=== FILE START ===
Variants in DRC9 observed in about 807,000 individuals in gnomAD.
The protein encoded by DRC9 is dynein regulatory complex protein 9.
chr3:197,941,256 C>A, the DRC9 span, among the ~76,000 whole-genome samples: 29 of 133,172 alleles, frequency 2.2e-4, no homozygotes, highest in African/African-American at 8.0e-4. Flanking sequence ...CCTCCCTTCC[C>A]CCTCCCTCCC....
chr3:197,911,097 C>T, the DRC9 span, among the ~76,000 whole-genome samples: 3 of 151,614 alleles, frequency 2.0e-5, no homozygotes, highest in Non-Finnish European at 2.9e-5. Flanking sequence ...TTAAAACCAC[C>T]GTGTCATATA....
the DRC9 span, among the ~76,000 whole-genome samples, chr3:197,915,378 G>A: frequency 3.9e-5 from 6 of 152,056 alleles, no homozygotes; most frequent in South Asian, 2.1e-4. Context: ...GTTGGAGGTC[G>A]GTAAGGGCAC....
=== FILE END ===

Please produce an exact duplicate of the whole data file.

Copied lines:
Variants in DRC9 observed in about 807,000 individuals in gnomAD.
The protein encoded by DRC9 is dynein regulatory complex protein 9.
chr3:197,941,256 C>A, the DRC9 span, among the ~76,000 whole-genome samples: 29 of 133,172 alleles, frequency 2.2e-4, no homozygotes, highest in African/African-American at 8.0e-4. Flanking sequence ...CCTCCCTTCC[C>A]CCTCCCTCCC....
chr3:197,911,097 C>T, the DRC9 span, among the ~76,000 whole-genome samples: 3 of 151,614 alleles, frequency 2.0e-5, no homozygotes, highest in Non-Finnish European at 2.9e-5. Flanking sequence ...TTAAAACCAC[C>T]GTGTCATATA....
the DRC9 span, among the ~76,000 whole-genome samples, chr3:197,915,378 G>A: frequency 3.9e-5 from 6 of 152,056 alleles, no homozygotes; most frequent in South Asian, 2.1e-4. Context: ...GTTGGAGGTC[G>A]GTAAGGGCAC....